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Publication #PP-208

Powdery Mildew of Strawberries1

N. A. Peres and J. C. Mertely2

Powdery mildew, Podosphaera aphanis (syn. Sphaerotheca macularis), occurs in most areas of the world where strawberries are grown.

Pathogen and Symptoms

P. aphanis infects leaves, flowers, and fruit. Early foliar infections are characterized by small white patches of fungus growing on the lower leaf surface. On susceptible cultivars, dense mycelial growth and numerous chains of conidia (spores) give these patches a powdery appearance (Figure 1). Under favorable conditions, the patches expand and coalesce until the entire lower surface of the leaf is covered (Figure 2). In some strawberry cultivars, relatively little mycelium is produced, making it difficult to see the white patches. Instead, irregular yellow or reddish-brown spots develop on colonized areas on the lower leaf surface and eventually break through to the upper surface (Figure 3). The edges of heavily infected leaves curl upward (Figure 4). At times, dark round structures (cleistothecia) are produced in the mycelia on the undersides of leaves (Figure 5). Cleistothecia are initially white but turn black as they mature. The fungus also infects flowers, which may produce aborted or malformed fruit. In addition, P. aphanis colonizes older fruit, producing a fuzzy mycelial growth on the seeds (Figure 6). Both types of infection may reduce fruit quality and marketable yields.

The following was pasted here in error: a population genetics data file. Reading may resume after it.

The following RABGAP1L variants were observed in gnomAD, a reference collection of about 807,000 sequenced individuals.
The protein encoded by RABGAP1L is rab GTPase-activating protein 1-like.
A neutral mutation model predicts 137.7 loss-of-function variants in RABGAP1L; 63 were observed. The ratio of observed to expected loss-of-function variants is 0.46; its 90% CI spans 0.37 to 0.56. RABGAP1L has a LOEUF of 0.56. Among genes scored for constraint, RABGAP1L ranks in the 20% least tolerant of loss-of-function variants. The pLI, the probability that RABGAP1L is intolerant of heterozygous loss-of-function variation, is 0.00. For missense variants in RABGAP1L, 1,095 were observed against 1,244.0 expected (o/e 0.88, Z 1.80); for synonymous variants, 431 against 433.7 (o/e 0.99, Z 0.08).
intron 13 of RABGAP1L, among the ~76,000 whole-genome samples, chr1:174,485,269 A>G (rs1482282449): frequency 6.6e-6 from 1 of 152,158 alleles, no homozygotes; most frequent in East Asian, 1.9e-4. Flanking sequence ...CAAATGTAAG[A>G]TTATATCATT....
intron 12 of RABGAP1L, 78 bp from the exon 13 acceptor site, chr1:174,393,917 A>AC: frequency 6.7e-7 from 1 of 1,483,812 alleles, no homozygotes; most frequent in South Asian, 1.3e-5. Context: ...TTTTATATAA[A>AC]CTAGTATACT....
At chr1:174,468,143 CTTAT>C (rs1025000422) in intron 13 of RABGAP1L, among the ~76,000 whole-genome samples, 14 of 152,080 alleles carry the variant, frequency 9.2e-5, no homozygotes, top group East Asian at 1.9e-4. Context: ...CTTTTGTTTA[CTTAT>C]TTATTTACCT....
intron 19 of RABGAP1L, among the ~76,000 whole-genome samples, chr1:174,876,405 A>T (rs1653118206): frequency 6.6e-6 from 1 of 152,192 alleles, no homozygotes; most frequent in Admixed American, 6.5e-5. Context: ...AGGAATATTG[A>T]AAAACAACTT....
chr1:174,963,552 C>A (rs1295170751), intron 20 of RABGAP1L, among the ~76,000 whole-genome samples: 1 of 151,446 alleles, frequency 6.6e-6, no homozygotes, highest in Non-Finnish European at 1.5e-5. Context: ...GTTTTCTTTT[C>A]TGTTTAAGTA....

Figure 1. 

Podosphaera aphanis mycelia on strawberry leaf surface.



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Figure 2. 

Lower leaf surface of strawberry covered with powdery mildew.



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Figure 3. 

Reddish-brown spot reaction caused by Podosphaera aphanis in some cultivars.



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Figure 4. 

Curling leaves on plants severely infected with powdery mildew.



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Figure 5. 

Micrograph of Podosphaera aphanis cleistothecia on leaf surface.



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Figure 6. 

Podosphaera aphanis on strawberry achenes.



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Disease Development and Spread

P. aphanis is an obligate parasite that only infects living tissue of wild or cultivated strawberry. The fungus readily infects living, green leaves in the nursery. Thus, infected transplants are normally the primary source of inoculum for fruiting fields in Florida. When conditions are favorable, conidia produced on infected plants are wind dispersed. Powdery mildew development and spread are favored by moderate to high humidity and temperatures between 60°F and 80°F. Rain, dew, and overhead irrigation inhibit fungal development. The disease is typically more severe in plantings under greenhouse or plastic tunnels. In open fields in Central Florida, the disease is typically most severe in November and December, usually subsides in January and early February, and may reappear in late February and March.